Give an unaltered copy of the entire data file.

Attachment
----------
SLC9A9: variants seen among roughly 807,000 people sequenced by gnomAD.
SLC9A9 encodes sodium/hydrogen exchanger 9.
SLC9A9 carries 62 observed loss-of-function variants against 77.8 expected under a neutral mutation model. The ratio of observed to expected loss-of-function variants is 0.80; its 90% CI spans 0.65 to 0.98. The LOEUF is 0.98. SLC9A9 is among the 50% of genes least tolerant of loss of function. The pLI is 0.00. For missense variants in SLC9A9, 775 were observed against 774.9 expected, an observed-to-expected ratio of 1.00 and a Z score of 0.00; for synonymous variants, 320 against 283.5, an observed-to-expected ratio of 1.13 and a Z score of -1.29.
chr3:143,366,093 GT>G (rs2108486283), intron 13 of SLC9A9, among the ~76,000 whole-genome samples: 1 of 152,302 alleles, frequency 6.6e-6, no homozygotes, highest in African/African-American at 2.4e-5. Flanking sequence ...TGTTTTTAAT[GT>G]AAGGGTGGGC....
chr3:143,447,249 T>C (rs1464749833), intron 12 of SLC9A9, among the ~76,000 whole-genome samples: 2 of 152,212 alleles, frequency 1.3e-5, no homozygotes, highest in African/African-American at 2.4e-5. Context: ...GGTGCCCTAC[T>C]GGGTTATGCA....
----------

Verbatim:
SLC9A9: variants seen among roughly 807,000 people sequenced by gnomAD.
SLC9A9 encodes sodium/hydrogen exchanger 9.
SLC9A9 carries 62 observed loss-of-function variants against 77.8 expected under a neutral mutation model. The ratio of observed to expected loss-of-function variants is 0.80; its 90% CI spans 0.65 to 0.98. The LOEUF is 0.98. SLC9A9 is among the 50% of genes least tolerant of loss of function. The pLI is 0.00. For missense variants in SLC9A9, 775 were observed against 774.9 expected, an observed-to-expected ratio of 1.00 and a Z score of 0.00; for synonymous variants, 320 against 283.5, an observed-to-expected ratio of 1.13 and a Z score of -1.29.
chr3:143,366,093 GT>G (rs2108486283), intron 13 of SLC9A9, among the ~76,000 whole-genome samples: 1 of 152,302 alleles, frequency 6.6e-6, no homozygotes, highest in African/African-American at 2.4e-5. Flanking sequence ...TGTTTTTAAT[GT>G]AAGGGTGGGC....
chr3:143,447,249 T>C (rs1464749833), intron 12 of SLC9A9, among the ~76,000 whole-genome samples: 2 of 152,212 alleles, frequency 1.3e-5, no homozygotes, highest in African/African-American at 2.4e-5. Context: ...GGTGCCCTAC[T>C]GGGTTATGCA....